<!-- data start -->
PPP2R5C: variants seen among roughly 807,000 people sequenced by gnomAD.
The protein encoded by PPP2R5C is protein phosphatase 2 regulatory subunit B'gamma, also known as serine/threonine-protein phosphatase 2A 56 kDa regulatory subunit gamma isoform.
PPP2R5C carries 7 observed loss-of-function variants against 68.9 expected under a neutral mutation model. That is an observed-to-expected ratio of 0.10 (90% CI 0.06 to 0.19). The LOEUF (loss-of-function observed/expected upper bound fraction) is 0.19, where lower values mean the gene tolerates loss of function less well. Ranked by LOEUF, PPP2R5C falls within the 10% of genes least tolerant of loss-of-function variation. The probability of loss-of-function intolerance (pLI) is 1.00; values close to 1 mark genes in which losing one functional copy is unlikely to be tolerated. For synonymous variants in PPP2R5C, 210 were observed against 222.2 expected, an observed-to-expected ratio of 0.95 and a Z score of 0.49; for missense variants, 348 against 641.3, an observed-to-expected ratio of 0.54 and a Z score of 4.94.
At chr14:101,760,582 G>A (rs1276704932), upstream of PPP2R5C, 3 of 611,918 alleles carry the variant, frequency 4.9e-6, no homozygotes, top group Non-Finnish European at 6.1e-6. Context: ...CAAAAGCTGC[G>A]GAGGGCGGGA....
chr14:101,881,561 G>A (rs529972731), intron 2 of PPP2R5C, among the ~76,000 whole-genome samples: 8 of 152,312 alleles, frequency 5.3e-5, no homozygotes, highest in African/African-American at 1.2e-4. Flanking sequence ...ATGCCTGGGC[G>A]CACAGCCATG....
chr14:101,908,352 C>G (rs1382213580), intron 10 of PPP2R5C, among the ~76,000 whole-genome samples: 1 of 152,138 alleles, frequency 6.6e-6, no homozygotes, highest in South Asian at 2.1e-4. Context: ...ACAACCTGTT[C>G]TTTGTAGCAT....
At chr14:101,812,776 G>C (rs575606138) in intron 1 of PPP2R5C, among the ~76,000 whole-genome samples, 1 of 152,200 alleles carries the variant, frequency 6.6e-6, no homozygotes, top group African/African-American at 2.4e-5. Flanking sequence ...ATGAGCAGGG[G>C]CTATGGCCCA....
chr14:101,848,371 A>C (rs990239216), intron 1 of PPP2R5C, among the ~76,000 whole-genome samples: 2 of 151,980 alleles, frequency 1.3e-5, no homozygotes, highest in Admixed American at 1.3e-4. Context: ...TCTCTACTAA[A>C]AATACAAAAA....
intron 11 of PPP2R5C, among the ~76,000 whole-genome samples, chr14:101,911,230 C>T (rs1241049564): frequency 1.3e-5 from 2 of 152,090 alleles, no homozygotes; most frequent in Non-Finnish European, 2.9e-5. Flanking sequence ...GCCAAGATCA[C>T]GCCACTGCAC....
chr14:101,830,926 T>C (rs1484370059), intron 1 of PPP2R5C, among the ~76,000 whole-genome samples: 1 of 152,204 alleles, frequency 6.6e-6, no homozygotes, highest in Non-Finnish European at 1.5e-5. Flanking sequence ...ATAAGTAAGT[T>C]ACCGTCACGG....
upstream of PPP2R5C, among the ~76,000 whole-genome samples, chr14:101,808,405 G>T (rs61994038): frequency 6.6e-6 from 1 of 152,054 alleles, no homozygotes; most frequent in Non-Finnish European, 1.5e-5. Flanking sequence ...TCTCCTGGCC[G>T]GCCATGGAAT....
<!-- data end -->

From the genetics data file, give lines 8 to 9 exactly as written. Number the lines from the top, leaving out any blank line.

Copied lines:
chr14:101,848,371 A>C (rs990239216), intron 1 of PPP2R5C, among the ~76,000 whole-genome samples: 2 of 151,980 alleles, frequency 1.3e-5, no homozygotes, highest in Admixed American at 1.3e-4. Context: ...TCTCTACTAA[A>C]AATACAAAAA....
intron 11 of PPP2R5C, among the ~76,000 whole-genome samples, chr14:101,911,230 C>T (rs1241049564): frequency 1.3e-5 from 2 of 152,090 alleles, no homozygotes; most frequent in Non-Finnish European, 2.9e-5. Flanking sequence ...GCCAAGATCA[C>T]GCCACTGCAC....